When technology executives discuss initial public offerings these days, they usually say how the goal has shifted from rapid growth to fiscal responsibility. In other words, investors want to see a path to profitability more than wild revenue increases.
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That has particularly been the case in storage. The recent initial public offerings (IPOs) of flash pioneer Pure Storage and hyper-converged vendor Nutanix showed companies that grew revenue significantly often spent so much money doing so that they mounted hundreds of millions of dollars in losses. Because of the recent poor IPO market, investors started preaching that companies needed to pay more attention to the bottom line than top line growth.
Then along comes the Tintri IPO. Tintri filed its S-1 with the SEC last week to become a public company. Its finances look a lot like those of Pure and Nutanix — and Nimble Storage and Violin Storage before them — when they went public. Storage array vendor Tintri has grown its revenue and sales significantly in recent years, only to see its losses accelerate anyway. In Tintri’s case, it has lost $339 million since inception.
That means either investors have decided they don’t mind losses so much after all, or Tintri will have trouble raising the $100 million or so it is looking for from its IPO.
Tintri started shipping its VMstore arrays in 2011, but the bulk of its revenue and losses have come over the past three years. The Tintri IPO filing reports revenue of $50 million for its fiscal year ending Jan. 31, 2015, $86 million for the following year and $125 million last year. That comes to revenue growth of 73% and 45% over the past two years. But annual losses over that period were $70 million, $101 million and $106 million, showing that more revenue only produced greater losses. Tintri raised $260 million in five venture funding rounds to pay off most of the deficit.
As with Pure, Nutanix and other smaller storage companies, Tintri faces the problem of having to pour more money into sales and marketing than it generates from sales to compete with IT giants. Only in the past year has Tintri’s revenue exceed its sales and marking budget, which came to $109 million. But it pumped another $53 million into research and development. That is a small sum compared to Dell EMC, NetApp, Hewlett Packard Enterprise (HPE), Hitachi Data Systems and IBM, but enough to keep Tintri in the red.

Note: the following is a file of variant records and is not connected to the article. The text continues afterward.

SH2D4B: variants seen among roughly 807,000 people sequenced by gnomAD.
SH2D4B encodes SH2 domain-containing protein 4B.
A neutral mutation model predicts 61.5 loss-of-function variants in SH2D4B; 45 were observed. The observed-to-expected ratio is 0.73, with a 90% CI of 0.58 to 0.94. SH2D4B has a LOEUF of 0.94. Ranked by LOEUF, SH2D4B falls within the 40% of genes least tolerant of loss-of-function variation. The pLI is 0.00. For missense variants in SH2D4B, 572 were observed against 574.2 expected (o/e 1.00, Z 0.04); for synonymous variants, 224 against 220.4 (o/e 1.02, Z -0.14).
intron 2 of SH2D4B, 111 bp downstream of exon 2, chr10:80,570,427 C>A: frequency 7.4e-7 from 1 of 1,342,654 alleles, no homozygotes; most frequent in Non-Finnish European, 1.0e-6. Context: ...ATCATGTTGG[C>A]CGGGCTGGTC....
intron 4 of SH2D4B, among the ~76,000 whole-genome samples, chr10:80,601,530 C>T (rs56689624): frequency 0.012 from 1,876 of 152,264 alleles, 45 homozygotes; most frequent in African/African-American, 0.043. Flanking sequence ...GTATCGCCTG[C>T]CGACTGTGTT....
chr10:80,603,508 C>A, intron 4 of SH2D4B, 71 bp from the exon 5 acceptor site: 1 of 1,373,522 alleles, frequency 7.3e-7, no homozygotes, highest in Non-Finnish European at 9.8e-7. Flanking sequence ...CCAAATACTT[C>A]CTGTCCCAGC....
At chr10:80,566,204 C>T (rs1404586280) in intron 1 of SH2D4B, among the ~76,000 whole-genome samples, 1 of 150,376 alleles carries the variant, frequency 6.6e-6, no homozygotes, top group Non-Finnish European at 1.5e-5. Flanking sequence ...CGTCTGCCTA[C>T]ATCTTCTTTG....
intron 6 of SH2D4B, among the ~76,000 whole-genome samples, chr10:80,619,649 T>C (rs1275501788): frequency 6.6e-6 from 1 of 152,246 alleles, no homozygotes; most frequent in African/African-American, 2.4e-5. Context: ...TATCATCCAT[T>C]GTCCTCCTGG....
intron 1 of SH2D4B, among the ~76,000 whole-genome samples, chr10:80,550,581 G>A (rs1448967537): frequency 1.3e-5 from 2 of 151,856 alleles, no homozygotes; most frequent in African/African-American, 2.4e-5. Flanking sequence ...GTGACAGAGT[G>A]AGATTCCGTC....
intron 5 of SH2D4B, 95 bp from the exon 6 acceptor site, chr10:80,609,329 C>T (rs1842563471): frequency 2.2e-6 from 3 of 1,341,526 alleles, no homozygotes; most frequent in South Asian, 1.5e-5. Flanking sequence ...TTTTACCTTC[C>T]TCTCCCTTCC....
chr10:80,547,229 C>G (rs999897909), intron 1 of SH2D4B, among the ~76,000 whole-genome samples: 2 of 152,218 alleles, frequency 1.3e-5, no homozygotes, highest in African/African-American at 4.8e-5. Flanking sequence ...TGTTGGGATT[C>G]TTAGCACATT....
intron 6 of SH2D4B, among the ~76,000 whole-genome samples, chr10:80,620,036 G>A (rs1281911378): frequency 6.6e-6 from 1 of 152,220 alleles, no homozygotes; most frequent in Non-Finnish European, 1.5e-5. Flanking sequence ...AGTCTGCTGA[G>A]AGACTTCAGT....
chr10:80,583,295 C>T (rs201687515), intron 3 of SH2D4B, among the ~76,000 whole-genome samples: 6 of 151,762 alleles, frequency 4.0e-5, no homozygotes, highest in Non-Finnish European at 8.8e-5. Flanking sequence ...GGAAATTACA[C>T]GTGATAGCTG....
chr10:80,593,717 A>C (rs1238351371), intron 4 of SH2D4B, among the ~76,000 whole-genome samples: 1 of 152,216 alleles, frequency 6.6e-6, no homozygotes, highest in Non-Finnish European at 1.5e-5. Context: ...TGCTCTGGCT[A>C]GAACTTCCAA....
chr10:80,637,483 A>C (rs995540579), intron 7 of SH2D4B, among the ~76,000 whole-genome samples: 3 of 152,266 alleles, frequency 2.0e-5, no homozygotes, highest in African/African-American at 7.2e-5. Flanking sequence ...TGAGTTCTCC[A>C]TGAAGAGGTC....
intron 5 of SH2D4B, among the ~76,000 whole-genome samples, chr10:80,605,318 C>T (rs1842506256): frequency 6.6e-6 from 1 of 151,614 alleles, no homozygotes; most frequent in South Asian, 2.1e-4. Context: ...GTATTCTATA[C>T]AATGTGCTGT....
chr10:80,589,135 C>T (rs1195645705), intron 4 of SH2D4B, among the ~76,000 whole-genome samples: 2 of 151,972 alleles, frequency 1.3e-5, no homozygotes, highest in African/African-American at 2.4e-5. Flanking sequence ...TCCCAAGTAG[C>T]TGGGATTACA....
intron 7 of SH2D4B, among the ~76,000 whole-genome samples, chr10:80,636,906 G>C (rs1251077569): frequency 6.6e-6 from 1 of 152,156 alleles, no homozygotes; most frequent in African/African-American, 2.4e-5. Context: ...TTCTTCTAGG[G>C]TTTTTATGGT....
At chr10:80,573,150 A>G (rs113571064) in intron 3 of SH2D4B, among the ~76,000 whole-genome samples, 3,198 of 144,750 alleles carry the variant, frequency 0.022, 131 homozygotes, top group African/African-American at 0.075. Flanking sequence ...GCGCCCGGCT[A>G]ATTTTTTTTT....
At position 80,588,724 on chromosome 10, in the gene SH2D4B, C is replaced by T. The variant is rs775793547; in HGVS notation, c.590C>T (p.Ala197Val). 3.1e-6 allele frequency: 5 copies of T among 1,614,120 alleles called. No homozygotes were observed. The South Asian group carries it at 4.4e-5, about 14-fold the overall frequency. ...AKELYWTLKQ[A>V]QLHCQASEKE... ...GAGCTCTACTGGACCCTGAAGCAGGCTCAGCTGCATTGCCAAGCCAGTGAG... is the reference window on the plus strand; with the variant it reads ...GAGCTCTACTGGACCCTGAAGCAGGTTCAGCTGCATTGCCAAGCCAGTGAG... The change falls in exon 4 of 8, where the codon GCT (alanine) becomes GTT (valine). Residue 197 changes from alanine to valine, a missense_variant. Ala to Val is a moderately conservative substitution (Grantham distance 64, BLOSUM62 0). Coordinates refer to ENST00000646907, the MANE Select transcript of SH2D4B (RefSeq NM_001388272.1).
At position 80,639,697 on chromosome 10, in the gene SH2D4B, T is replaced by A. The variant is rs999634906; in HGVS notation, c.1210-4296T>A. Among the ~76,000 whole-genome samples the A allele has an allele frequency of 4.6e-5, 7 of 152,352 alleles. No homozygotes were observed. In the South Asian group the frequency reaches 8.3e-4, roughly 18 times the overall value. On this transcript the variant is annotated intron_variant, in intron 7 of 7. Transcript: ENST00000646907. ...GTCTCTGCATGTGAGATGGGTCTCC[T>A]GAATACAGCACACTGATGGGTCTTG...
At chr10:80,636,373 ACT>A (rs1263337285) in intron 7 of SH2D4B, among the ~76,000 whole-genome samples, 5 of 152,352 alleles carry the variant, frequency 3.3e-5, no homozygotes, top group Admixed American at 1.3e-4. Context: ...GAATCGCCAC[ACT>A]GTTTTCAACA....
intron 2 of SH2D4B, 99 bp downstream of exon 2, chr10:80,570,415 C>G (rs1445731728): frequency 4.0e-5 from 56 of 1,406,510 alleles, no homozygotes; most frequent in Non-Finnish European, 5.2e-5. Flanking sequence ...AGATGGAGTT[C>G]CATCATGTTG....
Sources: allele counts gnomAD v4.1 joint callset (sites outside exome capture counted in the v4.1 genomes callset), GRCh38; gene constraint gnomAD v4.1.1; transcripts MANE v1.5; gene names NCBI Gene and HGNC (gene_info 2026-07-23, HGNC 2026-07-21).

Tintri IPO filing details spending increases
The Tintri IPO filing made it clear the vendor remains in growth mode, which means its expenses will rise.
“We anticipate that our operating expenses will increase substantially in the foreseeable future as we continue to hire additional employees, develop our technology and enhance our product and service offerings, expand our sales and marketing teams, make investments in our distribution channels, expand our operations and prepare to become a public reporting company,” Tintri said in its S-1 filing.
Tinitri’s revenue growth has come from its tapping into flash and enterprise cloud storage. It began selling virtual machine-centric storage for VMware customers. That has evolved into a private cloud platform through Tintri’s Connect services that include analytics, automation and self-service. To boost performance, Tintri added an all-flash platform in 2015. With the help of Tintri’s VMstore T5000 all-flash systems, the vendor’s average selling price rose from $111,000 to $160,000 over the past two years.
Tintri’s customer base quadrupled over the past three years to 1,273, while its employee headcount rose from 177 to 527 in that span.
If the Tintri IPO goes forward as planned, it will be in the same situation as Pure and Nutanix, trying to grow its way to profitability. Or it could end up like Nimble Storage, which sold itself to HPE after it became clear it would not reach its break-even goal anytime soon.